The Matakana Island community have taken lockdown measures into their own hands with locals taking the reins to ensure no one steps foot on their island.

Instead of being called guards, local Matetahatika Samuels and the team preferred to be called kaitiaki, meaning trustees or guardians of the land.

Every hour of the day, two kaitiaki stand at the wharf barge to ensure no one breaks lockdown rules and come on to the island.

Matetahatika Samuels working his patrol shift kitted out in safety gear. Photo / Supplied
Matetahatika Samuels working his patrol shift kitted out in safety gear. Photo / Supplied

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He said the patrols would continue for as long as they needed to.

The drive behind the dedicated volunteers was to "keep our small island community safe", Samuels said.

A member of the patrol staff walks near a sign asking people to stay away. Photo / Supplied
A member of the patrol staff walks near a sign asking people to stay away. Photo / Supplied

"We cannot afford for this virus to reach our shores."

So far, the kaitiaki had not encountered any person attempting to break the rules but Samuels warned if anyone did, they would quickly be reported to officials.

"Keeping our people safe is our main priority."

He said there were many elderly living on the island and access to healthcare assistance had "always been more challenging for us" due to their island location.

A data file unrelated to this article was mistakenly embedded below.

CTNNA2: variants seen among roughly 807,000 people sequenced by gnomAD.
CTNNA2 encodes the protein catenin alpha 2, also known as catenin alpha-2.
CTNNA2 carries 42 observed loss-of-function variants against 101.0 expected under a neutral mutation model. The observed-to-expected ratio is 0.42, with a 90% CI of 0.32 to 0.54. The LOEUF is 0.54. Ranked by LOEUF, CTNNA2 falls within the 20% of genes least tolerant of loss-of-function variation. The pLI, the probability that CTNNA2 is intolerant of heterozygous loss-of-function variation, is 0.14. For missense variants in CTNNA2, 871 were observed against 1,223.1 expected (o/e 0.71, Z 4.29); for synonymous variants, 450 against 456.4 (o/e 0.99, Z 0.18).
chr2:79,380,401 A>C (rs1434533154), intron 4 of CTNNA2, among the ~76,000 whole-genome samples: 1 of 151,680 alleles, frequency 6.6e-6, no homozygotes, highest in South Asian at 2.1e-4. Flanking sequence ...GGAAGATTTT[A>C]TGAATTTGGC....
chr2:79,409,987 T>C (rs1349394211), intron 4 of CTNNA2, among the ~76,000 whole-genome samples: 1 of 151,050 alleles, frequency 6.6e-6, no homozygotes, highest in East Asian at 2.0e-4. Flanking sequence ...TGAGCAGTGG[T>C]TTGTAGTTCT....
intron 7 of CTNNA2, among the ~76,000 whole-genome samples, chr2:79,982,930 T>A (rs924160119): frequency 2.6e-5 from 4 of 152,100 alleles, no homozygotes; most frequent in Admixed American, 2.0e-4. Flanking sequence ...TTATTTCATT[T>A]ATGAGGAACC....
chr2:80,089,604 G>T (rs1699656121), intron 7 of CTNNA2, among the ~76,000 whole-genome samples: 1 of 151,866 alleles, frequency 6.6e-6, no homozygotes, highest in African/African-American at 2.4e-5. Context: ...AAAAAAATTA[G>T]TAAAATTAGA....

It was important to protect those more vulnerable, he said.

Patrol staff surrounding the water's edge. Photo / Supplied
Patrol staff surrounding the water's edge. Photo / Supplied

Elderly Matakana Island resident Hauata Palmer was part of the group that put together the monitoring plan as he believed "if the virus hit, it would wipe us out".

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He said it was all about making sure the community was safe and although their patrols were "not like a police force", it was a good way to keep some sort of control.

"Only essential travel, that is it."

He said the whole community backed the patrols and had allowed them to set up "any rules we want" to keep the island protected.

Deputy police commissioner Wally Haumaha said community policing to be protective was encouraged.

"These are unprecedented times and we are working with communities across the country to restrict the spread of this virus."

He said iwi were taking the lead to ensure rural communities that did not have access to support services were well protected and police were working closely with them.

"We are all coming to this kaupapa from the same place – out of a need to protect the most vulnerable in the community."